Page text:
This challenge is also why I introduced the Fair Trade with China Enforcement Act (S. 2).  This legislation would take a number of steps to ensure that our trade with China is in our own long-term best interests – starting by imposing duties on Chinese capital goods in the sectors targeted by the “Made in China 2025” plan, to ensure that American buyers do not inadvertently finance the long-term displacement of their own country’s manufacturing.
It would also impose a tax on Chinese entities that earn investment and dividend income in the U.S., in order to discourage Chinese attempts to price out American exports.
Trade is not the only question in front of us. We need to confront China directly. But ultimately China will not determine the future of American manufacturing for us. We will determine our future for ourselves.
As I said earlier, we need to embrace a policy agenda of national development and economic dynamism that places working Americans and their families at the center.
In today’s global economy, high wages for American workers are not inevitable. We know this.
Free markets are an unparalleled force for the creation of prosperity and wealth, but they also produce in response to the policy terms they are given. They produce in response to what we prioritize. And we have too often failed to make the well-being of working Americans the terms for market success.
We like to talk about the status quo as if it’s neutral, as if it’s simply the result of a natural process. But, for example, prioritizing the growth of financial services instead of advanced manufacturing, like we’ve been doing for the last few decades, is a decision. It’s result of policy choices that we’ve made.  And I think we can make better ones.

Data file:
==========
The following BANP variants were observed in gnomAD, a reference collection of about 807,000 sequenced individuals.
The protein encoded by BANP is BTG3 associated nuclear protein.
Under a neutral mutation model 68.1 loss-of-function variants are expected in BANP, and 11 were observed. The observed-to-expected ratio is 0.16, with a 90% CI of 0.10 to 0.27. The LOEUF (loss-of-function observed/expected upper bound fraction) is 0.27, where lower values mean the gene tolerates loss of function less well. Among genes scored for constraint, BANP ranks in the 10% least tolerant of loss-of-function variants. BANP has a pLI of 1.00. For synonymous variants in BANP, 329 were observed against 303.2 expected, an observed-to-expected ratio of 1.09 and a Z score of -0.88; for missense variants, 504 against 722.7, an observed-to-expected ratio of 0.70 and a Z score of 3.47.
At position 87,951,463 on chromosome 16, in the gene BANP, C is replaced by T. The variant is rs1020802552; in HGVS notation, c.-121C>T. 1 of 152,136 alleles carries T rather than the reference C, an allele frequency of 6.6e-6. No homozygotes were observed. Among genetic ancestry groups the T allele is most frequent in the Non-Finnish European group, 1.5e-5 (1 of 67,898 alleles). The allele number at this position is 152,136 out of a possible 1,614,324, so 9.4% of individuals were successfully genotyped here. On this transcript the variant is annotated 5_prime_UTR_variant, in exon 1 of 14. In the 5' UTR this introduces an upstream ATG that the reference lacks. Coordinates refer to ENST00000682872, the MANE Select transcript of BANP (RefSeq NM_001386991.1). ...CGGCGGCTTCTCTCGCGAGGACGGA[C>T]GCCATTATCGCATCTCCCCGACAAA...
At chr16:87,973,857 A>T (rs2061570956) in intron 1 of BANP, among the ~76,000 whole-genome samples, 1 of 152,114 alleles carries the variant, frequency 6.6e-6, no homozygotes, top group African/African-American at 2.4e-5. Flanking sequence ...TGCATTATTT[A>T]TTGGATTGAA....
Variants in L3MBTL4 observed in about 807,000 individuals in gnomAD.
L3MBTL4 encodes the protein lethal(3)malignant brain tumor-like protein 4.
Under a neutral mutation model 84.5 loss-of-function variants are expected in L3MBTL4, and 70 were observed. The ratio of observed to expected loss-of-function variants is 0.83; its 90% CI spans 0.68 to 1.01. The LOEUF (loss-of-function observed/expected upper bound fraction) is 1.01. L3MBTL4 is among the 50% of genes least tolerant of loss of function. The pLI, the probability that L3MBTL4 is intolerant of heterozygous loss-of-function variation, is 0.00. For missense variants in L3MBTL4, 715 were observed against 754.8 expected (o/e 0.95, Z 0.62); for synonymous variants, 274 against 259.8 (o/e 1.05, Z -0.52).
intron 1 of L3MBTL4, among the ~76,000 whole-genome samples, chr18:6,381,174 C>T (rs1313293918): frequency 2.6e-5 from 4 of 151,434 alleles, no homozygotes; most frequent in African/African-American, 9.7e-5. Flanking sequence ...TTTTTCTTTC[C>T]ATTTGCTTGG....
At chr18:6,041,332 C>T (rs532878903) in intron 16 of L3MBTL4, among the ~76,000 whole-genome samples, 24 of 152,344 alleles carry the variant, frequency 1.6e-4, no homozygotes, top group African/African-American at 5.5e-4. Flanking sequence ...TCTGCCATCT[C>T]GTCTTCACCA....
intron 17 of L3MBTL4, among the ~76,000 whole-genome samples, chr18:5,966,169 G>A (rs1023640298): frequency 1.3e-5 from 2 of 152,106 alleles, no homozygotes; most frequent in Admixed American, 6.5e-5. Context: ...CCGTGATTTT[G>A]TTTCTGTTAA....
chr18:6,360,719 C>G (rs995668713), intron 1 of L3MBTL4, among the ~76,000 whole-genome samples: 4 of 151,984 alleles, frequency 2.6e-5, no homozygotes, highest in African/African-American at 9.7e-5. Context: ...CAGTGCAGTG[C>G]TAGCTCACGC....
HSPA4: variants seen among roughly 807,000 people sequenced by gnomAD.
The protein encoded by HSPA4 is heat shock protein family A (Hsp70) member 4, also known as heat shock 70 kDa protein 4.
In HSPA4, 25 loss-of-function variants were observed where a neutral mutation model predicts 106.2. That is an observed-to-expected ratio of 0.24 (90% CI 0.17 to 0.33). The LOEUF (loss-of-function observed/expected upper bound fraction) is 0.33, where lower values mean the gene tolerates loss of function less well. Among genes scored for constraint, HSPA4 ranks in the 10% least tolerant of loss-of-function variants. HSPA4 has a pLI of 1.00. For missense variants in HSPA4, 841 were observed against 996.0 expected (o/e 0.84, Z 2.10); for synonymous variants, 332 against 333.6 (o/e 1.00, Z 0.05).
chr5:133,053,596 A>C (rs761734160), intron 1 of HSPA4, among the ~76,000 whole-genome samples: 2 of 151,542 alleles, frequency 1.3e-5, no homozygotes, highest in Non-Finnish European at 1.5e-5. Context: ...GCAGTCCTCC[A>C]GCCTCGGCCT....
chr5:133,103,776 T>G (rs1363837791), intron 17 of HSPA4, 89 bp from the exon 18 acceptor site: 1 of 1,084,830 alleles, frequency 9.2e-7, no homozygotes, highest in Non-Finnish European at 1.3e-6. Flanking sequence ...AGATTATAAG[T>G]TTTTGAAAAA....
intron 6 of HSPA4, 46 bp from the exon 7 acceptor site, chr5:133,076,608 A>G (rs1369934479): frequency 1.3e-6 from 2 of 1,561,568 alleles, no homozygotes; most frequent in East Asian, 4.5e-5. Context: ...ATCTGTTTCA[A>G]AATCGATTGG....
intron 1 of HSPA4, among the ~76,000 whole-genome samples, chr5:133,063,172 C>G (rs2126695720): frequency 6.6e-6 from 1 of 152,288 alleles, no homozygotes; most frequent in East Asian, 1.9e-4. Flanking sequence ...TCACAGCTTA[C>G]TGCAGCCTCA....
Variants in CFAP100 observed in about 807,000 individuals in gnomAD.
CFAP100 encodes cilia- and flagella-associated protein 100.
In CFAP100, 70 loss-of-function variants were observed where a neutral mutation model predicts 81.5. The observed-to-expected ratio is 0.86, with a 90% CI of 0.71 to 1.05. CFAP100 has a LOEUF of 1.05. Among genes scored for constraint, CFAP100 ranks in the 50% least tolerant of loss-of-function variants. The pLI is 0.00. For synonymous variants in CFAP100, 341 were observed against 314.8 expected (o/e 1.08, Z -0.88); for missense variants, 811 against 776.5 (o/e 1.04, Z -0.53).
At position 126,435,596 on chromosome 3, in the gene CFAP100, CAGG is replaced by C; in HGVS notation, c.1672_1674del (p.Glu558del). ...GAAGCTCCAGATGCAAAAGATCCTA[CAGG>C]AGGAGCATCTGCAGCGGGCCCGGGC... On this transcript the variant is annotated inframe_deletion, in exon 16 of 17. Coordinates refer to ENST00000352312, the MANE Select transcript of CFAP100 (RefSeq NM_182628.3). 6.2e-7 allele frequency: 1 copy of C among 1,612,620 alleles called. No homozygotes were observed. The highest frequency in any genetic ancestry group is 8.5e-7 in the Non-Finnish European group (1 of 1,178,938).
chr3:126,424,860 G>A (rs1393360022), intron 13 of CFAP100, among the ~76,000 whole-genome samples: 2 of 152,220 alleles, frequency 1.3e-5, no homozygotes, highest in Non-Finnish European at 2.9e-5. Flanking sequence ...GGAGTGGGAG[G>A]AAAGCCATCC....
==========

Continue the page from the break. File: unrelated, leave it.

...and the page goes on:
For example I think we should stop giving stock buybacks a tax preference. That’s the incentive that exists now – the policy choice that exists now.
If we’re going to give tax preference to certain behavior, I think it should be for practices that create more jobs with better wages and benefits for American workers. We can do that.  
I also think we can find a common-sense, common-ground way to provide paid family leave to working parents. All of this is within our ability. We can put dignified work and healthy families at the center of our policy decisions.
We need to stand up to the Communist Chinese government, in the face of their economic aggression and ambition to capture the 21st century’s high-value industries at our expense. We need to ensure they back down and back off trying to win at our expense.
But our economic future is ultimately ours to choose. And I believe we can choose a future that prioritizes American innovation and production, our ability to make quality instead of just buy cheap.
And I believe if we get it right, we’ll be doing right by our fellow Americans who rely on industry for decent work, and who rely on policymakers to make them and their families our national priority.
That’s why I’m here, and that’s why this award is so meaningful to me. I’ll continue to fight for you. You continue to make the things that America needs. Thank you.